There's a lot to love about summer: the nice weather, longer days, visits to the beach. Barbecues.
But this season has its downsides, too - especially for lawn-proud homeowners. Summer means high temperatures and reduced rainfall, which may be bad news for your garden's lush green grass.
Yes, it's very common for grass to dry out during the summer months. If all that glorious sunshine has turned your lawn brown and you're noticing that the grass stays flat after you walk on it, this means that your lawn is low on moisture.
Dried-out grass in June
The good news it that a healthy, well-looked-after lawn should bounce right back to full health as soon as the autumn rain arrives.
In this blog post, we're going to answer two different questions:
- What should I do when my grass dries out in the summertime?
- How can I make sure my lawn is healthy enough to withstand extended periods of drought?
Grass is a plant, and like any plant, it takes in carbon dioxide (CO2) and produces oxygen. This is part of the process of photosynthesis, by which plants turn light energy into usable chemical energy.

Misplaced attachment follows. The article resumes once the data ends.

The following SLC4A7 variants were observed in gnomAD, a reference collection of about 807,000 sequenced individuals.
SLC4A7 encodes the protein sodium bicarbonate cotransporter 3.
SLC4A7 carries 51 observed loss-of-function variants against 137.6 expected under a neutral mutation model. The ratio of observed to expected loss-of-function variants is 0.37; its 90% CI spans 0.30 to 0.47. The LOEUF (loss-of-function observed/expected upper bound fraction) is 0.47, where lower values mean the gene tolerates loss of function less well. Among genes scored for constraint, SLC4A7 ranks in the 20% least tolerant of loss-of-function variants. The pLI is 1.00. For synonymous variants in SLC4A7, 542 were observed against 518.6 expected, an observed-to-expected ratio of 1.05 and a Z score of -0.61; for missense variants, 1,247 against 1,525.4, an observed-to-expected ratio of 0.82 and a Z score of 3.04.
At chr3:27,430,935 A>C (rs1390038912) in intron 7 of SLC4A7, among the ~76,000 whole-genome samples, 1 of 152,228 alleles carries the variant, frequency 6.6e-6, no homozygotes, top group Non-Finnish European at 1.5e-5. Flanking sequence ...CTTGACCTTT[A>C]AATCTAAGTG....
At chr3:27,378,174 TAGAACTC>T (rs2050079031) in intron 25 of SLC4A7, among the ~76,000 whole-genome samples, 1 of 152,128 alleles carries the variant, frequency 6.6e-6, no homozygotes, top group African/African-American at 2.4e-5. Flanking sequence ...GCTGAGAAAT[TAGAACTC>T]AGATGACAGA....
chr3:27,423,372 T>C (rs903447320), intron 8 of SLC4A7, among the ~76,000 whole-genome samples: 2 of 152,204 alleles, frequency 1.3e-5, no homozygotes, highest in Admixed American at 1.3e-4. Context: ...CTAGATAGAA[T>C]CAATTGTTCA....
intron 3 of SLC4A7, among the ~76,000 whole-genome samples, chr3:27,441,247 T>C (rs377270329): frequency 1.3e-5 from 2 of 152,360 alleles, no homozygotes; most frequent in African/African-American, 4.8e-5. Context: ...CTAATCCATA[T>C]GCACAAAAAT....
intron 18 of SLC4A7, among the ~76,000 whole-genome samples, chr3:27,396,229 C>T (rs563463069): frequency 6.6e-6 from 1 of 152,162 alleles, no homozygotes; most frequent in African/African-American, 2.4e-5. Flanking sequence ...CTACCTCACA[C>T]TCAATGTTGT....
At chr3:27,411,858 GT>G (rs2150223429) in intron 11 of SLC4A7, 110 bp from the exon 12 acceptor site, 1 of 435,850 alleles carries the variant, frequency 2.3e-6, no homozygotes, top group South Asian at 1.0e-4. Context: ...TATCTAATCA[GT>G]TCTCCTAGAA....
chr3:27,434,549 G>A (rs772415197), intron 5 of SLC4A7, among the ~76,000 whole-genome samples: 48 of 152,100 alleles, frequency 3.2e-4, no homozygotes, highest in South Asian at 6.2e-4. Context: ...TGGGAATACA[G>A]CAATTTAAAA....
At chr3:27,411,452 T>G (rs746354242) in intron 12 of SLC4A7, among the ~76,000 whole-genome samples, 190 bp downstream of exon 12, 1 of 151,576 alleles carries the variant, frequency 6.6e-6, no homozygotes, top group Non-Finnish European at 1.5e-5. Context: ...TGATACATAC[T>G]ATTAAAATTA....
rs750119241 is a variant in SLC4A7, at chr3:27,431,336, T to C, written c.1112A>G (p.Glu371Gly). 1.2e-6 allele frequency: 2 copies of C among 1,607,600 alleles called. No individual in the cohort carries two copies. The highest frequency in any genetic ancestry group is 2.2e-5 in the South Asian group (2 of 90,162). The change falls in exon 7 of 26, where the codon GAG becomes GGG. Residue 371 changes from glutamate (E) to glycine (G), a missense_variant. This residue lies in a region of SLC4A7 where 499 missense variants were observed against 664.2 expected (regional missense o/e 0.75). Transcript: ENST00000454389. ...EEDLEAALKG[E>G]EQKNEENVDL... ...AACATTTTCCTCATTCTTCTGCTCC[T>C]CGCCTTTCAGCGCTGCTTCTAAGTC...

But just how much oxygen does your garden lawn generate? Well, it depends on the size.
Dry, yellowing grass is usually a sign that your lawn is low on moisture. But what does it mean when this unsightly yellowness specifically appears after you mow the lawn?
A dry lawn with yellowing grass (image source: Wikimedia Commons)
If your grass turns yellow - or even white - within a few days of mowing, it's usually because you were cutting the grass when the weather was too dry for it.
Soil aeration is an important part of a long-term lawn care regime. Footfall and heavy rain causes soil to become compacted over time, and tightly-packed soil makes it difficult for moisture and nutrients to reach the roots of your grass.
Aeration is a good way to combat this problem. By spiking small holes in your lawn, you loosen up the earth and make it easier for air and water to flow through the soil.
Lawn maintenance can be a chore - and it's a chore that many people simply don't bother with. Goodness knows how many perfectly lovely gardens have become unsightly and overgrown because their owners didn't look after them properly!
Of course, you don't necessarily have to do all the work yourself. Companies like Lawn & Weed Expert will do virtually everything for you: we can kill weeds, apply fertiliser, aerate the soil, clear away moss and thatch, and so forth, saving you a lot of time and hard graft.
But is that the only reason to hire a lawn care specialist - to save time? Or are there other benefits that you won't get if you attempt to tackle the lawn care checklist yourself?